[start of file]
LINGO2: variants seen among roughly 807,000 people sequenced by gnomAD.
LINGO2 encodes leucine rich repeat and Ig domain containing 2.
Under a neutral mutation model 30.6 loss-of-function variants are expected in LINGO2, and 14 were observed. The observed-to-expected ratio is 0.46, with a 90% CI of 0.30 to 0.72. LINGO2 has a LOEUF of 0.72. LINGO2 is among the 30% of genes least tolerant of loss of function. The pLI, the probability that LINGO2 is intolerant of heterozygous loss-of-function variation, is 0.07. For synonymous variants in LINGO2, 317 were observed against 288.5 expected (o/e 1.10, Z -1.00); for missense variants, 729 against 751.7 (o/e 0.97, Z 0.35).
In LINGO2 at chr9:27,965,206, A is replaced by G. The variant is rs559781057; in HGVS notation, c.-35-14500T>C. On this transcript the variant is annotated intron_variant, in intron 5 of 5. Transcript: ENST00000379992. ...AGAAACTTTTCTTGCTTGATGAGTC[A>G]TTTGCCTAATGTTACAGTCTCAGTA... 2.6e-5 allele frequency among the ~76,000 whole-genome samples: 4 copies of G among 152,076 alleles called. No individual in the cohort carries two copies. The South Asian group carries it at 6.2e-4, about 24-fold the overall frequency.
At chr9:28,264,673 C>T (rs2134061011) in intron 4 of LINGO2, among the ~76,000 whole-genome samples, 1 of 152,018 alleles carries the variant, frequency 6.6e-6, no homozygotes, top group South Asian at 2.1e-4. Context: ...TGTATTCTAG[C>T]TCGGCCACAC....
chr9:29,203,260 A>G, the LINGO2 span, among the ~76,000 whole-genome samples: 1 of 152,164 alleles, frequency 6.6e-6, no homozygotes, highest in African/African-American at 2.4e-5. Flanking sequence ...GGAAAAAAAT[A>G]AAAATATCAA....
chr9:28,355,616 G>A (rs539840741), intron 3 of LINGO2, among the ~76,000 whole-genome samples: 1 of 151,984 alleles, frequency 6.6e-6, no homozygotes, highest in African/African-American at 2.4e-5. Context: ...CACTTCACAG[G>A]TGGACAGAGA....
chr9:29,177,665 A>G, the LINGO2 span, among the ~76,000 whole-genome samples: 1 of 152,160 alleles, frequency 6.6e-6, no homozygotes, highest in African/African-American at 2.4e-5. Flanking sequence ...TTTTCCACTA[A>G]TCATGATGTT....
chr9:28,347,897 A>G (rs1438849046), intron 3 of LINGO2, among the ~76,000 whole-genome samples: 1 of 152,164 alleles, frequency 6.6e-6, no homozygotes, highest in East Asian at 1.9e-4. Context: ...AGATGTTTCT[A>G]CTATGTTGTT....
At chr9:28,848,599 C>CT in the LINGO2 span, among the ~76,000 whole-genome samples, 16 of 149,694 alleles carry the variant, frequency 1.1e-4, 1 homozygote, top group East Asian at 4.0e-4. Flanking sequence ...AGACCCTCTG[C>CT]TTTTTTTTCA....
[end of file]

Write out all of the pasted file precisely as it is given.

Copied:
LINGO2: variants seen among roughly 807,000 people sequenced by gnomAD.
LINGO2 encodes leucine rich repeat and Ig domain containing 2.
Under a neutral mutation model 30.6 loss-of-function variants are expected in LINGO2, and 14 were observed. The observed-to-expected ratio is 0.46, with a 90% CI of 0.30 to 0.72. LINGO2 has a LOEUF of 0.72. LINGO2 is among the 30% of genes least tolerant of loss of function. The pLI, the probability that LINGO2 is intolerant of heterozygous loss-of-function variation, is 0.07. For synonymous variants in LINGO2, 317 were observed against 288.5 expected (o/e 1.10, Z -1.00); for missense variants, 729 against 751.7 (o/e 0.97, Z 0.35).
In LINGO2 at chr9:27,965,206, A is replaced by G. The variant is rs559781057; in HGVS notation, c.-35-14500T>C. On this transcript the variant is annotated intron_variant, in intron 5 of 5. Transcript: ENST00000379992. ...AGAAACTTTTCTTGCTTGATGAGTC[A>G]TTTGCCTAATGTTACAGTCTCAGTA... 2.6e-5 allele frequency among the ~76,000 whole-genome samples: 4 copies of G among 152,076 alleles called. No individual in the cohort carries two copies. The South Asian group carries it at 6.2e-4, about 24-fold the overall frequency.
At chr9:28,264,673 C>T (rs2134061011) in intron 4 of LINGO2, among the ~76,000 whole-genome samples, 1 of 152,018 alleles carries the variant, frequency 6.6e-6, no homozygotes, top group South Asian at 2.1e-4. Context: ...TGTATTCTAG[C>T]TCGGCCACAC....
chr9:29,203,260 A>G, the LINGO2 span, among the ~76,000 whole-genome samples: 1 of 152,164 alleles, frequency 6.6e-6, no homozygotes, highest in African/African-American at 2.4e-5. Flanking sequence ...GGAAAAAAAT[A>G]AAAATATCAA....
chr9:28,355,616 G>A (rs539840741), intron 3 of LINGO2, among the ~76,000 whole-genome samples: 1 of 151,984 alleles, frequency 6.6e-6, no homozygotes, highest in African/African-American at 2.4e-5. Context: ...CACTTCACAG[G>A]TGGACAGAGA....
chr9:29,177,665 A>G, the LINGO2 span, among the ~76,000 whole-genome samples: 1 of 152,160 alleles, frequency 6.6e-6, no homozygotes, highest in African/African-American at 2.4e-5. Flanking sequence ...TTTTCCACTA[A>G]TCATGATGTT....
chr9:28,347,897 A>G (rs1438849046), intron 3 of LINGO2, among the ~76,000 whole-genome samples: 1 of 152,164 alleles, frequency 6.6e-6, no homozygotes, highest in East Asian at 1.9e-4. Context: ...AGATGTTTCT[A>G]CTATGTTGTT....
At chr9:28,848,599 C>CT in the LINGO2 span, among the ~76,000 whole-genome samples, 16 of 149,694 alleles carry the variant, frequency 1.1e-4, 1 homozygote, top group East Asian at 4.0e-4. Flanking sequence ...AGACCCTCTG[C>CT]TTTTTTTTCA....